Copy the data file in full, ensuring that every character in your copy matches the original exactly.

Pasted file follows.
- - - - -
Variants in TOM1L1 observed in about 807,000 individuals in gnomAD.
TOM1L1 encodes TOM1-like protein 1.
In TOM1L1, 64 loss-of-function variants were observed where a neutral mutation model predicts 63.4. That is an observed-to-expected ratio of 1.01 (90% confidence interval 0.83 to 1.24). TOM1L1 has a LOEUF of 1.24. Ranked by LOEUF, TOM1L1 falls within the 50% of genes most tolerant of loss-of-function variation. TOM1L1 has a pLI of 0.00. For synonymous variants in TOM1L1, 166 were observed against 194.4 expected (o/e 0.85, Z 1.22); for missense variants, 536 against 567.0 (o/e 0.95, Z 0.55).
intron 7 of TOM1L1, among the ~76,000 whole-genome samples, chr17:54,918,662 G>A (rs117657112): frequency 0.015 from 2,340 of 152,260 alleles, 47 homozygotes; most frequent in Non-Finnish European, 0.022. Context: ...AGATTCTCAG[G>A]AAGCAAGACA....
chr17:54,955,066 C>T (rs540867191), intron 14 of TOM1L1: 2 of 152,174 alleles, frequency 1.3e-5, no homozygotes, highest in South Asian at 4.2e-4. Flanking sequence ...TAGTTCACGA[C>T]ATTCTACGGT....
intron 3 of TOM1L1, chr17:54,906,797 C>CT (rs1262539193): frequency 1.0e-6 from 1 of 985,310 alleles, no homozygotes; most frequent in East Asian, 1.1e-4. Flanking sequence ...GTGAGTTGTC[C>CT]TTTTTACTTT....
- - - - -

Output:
Variants in TOM1L1 observed in about 807,000 individuals in gnomAD.
TOM1L1 encodes TOM1-like protein 1.
In TOM1L1, 64 loss-of-function variants were observed where a neutral mutation model predicts 63.4. That is an observed-to-expected ratio of 1.01 (90% confidence interval 0.83 to 1.24). TOM1L1 has a LOEUF of 1.24. Ranked by LOEUF, TOM1L1 falls within the 50% of genes most tolerant of loss-of-function variation. TOM1L1 has a pLI of 0.00. For synonymous variants in TOM1L1, 166 were observed against 194.4 expected (o/e 0.85, Z 1.22); for missense variants, 536 against 567.0 (o/e 0.95, Z 0.55).
intron 7 of TOM1L1, among the ~76,000 whole-genome samples, chr17:54,918,662 G>A (rs117657112): frequency 0.015 from 2,340 of 152,260 alleles, 47 homozygotes; most frequent in Non-Finnish European, 0.022. Context: ...AGATTCTCAG[G>A]AAGCAAGACA....
chr17:54,955,066 C>T (rs540867191), intron 14 of TOM1L1: 2 of 152,174 alleles, frequency 1.3e-5, no homozygotes, highest in South Asian at 4.2e-4. Flanking sequence ...TAGTTCACGA[C>T]ATTCTACGGT....
intron 3 of TOM1L1, chr17:54,906,797 C>CT (rs1262539193): frequency 1.0e-6 from 1 of 985,310 alleles, no homozygotes; most frequent in East Asian, 1.1e-4. Flanking sequence ...GTGAGTTGTC[C>CT]TTTTTACTTT....